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March 2012 Issue
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A misty journey to Auckland’s highest peak

Photo: Josh Gale
7-8hr walking time
Off East Coast Rd, a few hundred metres north of Waihihi Bay, turn into the entrance of the park and head inland past the information office and over two cattle stops. Go straight ahead until the road bends to the left
Topo50 BB33
Kohukohunui Peak, Waharau Regional Park, Auckland

Respectable summits are in short supply in the Auckland region and when compared to peaks around the country the ones it does have seem more like mounds than mountains.

This is why I wasn’t too enthusiastic about doing the Waharau-Kohukohunui-Mangatangi-Waharau loop trip on the eastern Hunua Range and ‘bagging’ Auckland’s highest summit: 688m Kohukohunui peak.

The group met at Waharau Regional Park’s Blackberry Flats Campground on Friday night. By the time I arrived it was dark so when I woke in the morning I was pleasantly surprised to find sheep grazing nearby.

For Aucklanders the sight of sheep signals that we’ve left the boundaries of the city and passed into the hinterland, a feeling usually accompanied by a subtle relaxation of the muscles.

The often overlooked Hunua Ranges lie just on the edge of this imaginary boundary, offering a refreshing wilderness experience without a big drive into the whops.

We set off up Waharau Ridge Track towards Kohukohunui Track and Thousand Acre Clearing. Mist gradually settled around us as we climbed the gentle gradient toward the track junction and along with low cloud cover the scenery and views were soon concealed behind a thick grey curtain.

On the way upwards I noticed many pig wallows and diggings. One of our party mentioned he’d heard hunters are continuing to release pigs into the Hunua Ranges and then supposedly hunt them later.

On this overnight trip I spotted just five birds. There were several rat traps on the side of the tracks, but only one had a dead rat inside, the rest untouched boiled eggs.

The bad weather continued and rain started shortly after we arrived at our overnight campsite which lies directly on the track about 20 to 30 minutes before Adams Campground and Lookout.

This campground is more sheltered from the wind than the Adams Campground and has a battered, seedy and doorless long drop that’s standing at an odd angle and is hidden in bush. However, good flat areas for tents is scarce here, whereas the Adam’s Campground has better sites and better views as it’s slightly above the bushline.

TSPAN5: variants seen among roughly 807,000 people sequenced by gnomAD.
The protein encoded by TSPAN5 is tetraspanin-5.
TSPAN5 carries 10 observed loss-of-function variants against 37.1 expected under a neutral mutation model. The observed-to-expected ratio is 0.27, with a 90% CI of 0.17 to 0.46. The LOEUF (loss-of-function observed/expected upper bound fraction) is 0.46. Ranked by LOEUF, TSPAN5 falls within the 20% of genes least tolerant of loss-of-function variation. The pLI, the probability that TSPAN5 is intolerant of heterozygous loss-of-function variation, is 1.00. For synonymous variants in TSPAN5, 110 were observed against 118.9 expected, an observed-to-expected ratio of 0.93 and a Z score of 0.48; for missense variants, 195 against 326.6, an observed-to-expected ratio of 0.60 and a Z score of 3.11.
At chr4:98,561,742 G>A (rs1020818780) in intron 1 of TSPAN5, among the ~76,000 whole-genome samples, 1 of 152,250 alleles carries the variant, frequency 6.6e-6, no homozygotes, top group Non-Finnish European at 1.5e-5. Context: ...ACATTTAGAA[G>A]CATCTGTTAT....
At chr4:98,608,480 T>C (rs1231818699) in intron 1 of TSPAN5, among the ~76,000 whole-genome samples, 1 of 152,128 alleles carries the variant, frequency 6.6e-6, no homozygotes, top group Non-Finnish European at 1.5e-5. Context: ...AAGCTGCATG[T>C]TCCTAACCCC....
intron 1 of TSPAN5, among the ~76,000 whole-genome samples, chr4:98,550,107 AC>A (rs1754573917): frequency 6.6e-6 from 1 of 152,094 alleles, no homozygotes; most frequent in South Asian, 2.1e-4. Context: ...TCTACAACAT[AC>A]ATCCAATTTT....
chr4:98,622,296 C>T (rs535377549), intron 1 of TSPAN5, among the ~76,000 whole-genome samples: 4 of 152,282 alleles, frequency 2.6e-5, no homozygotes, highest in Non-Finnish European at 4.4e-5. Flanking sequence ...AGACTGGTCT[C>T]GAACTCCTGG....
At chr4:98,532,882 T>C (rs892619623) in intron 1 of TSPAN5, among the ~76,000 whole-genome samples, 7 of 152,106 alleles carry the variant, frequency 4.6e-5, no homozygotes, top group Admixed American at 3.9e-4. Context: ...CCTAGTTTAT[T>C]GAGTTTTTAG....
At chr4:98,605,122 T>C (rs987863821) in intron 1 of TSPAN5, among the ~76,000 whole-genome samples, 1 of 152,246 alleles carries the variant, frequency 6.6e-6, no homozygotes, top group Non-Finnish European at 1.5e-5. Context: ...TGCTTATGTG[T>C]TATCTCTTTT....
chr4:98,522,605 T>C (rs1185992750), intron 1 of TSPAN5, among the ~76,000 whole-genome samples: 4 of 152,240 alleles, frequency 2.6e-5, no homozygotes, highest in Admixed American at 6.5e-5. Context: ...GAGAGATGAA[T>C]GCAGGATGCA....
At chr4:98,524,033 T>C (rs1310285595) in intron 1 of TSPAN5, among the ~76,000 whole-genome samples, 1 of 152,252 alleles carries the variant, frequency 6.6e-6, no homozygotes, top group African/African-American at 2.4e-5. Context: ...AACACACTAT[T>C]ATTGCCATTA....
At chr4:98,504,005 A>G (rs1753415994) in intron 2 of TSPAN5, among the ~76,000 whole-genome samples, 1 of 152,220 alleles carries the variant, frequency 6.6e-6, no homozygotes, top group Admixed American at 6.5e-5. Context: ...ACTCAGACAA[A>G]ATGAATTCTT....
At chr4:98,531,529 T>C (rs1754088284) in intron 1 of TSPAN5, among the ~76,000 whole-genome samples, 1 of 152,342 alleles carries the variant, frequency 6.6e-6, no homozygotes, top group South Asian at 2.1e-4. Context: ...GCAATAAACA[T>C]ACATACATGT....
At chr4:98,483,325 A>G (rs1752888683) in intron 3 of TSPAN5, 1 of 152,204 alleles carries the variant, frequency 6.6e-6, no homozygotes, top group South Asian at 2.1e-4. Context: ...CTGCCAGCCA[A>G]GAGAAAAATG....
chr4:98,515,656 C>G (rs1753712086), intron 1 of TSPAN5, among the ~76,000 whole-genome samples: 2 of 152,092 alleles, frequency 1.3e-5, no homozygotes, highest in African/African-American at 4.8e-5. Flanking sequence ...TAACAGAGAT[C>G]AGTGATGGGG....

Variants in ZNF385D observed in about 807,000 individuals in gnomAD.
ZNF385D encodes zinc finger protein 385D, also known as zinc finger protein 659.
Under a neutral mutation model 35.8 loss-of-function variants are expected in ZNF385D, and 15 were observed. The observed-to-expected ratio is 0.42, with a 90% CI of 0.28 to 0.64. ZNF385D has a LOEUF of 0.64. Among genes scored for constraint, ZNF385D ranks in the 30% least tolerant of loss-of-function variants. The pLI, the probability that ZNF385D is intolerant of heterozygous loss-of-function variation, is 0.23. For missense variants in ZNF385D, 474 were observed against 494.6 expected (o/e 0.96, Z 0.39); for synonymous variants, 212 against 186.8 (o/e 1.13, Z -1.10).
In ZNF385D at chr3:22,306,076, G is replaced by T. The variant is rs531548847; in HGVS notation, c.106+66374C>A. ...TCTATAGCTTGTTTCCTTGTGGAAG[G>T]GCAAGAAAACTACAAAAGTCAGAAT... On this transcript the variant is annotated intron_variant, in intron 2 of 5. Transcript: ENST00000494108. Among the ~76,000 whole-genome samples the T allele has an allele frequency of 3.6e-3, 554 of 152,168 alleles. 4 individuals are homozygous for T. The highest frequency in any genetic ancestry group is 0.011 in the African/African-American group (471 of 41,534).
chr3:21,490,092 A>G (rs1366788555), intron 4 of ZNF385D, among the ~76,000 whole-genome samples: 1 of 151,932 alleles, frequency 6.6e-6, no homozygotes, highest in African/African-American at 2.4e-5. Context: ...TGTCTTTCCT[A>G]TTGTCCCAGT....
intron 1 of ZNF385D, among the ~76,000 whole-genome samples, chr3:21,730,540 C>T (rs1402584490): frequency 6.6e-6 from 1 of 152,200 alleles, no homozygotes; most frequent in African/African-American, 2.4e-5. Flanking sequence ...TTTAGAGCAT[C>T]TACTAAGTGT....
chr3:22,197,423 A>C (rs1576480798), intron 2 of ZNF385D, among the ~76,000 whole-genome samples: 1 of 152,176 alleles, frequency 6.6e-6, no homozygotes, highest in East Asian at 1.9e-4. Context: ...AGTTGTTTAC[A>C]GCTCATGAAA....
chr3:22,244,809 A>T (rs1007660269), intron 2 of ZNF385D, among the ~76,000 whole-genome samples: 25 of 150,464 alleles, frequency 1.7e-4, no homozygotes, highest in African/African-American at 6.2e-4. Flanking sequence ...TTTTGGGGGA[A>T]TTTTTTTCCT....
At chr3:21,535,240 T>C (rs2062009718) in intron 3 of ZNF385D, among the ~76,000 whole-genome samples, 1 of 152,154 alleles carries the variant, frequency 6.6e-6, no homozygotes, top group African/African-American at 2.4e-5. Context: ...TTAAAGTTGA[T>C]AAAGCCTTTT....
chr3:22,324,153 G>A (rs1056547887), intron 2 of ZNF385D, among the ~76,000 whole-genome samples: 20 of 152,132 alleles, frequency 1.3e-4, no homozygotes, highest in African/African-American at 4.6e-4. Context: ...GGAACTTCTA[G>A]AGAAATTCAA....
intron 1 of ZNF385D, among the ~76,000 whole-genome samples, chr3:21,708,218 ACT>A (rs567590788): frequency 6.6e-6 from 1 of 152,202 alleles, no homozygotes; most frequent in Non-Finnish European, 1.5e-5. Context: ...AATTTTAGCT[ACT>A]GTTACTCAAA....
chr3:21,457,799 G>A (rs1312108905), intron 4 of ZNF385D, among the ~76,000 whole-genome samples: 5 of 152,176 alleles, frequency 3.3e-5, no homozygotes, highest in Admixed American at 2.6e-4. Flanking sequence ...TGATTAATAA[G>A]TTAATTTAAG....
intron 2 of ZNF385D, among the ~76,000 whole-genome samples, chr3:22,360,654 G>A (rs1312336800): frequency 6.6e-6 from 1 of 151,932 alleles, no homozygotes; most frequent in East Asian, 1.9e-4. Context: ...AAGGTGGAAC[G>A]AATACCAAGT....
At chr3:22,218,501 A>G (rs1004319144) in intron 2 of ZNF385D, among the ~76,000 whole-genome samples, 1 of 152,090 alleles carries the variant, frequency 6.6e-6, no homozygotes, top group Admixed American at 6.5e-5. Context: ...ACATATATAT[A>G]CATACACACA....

We camped under tarps and after a fairly uncomfortable night continued the tramp towards Kohukohunui in miserable weather.

The climb remained relatively gentle, but overgrowth on the section from Adams Campground to the summit trig sometimes obscured the track and at one point made us go off course.

Shortly before the summit is the unmarked Trig K Hut, a primitive corrugated iron affair that I was told scientists occasionally use when visiting to take air samples. Cold wind and rain made us duck into its dark and dingy interior for a bite to eat and to warm up.

Finally, when we reached the summit, we found the Auckland Regional Council had recently built a new viewing platform. We looked at it from the ground and admired its height and sturdiness. One person climbed the vertical ladder up into the clouds just so he could say he’s done it.

With the rain getting heavier and the cold wind blowing we were all keen to drop down from the summit so our walk down to the Mangatangi Ridge Track was fast. I even jogged sections until I slipped and hurt my ankle.

Eventually we came to Thousand Acre Campground which is located towards the Waharau Ridge Track end of Mangatangi Ridge Track. The campground also has a three-sided dirt floor shelter that we used to cook lunch in. This is a nice spot with a stream running nearby and the area surrounded by a stand of beech trees.

From here we crossed back onto Waharau Ridge Track and made it back to the cars an hour or so later.

Even though the elevation profile of this trip is relatively gentle compared to real peak bagging tracks around other parts of the country, the trip did challenge me and the rest of the group.

Over a fine weekend the trip is a perfect for Aucklanders wanting to take in some stunning sea views, but who don’t want to drive beyond the Bombays.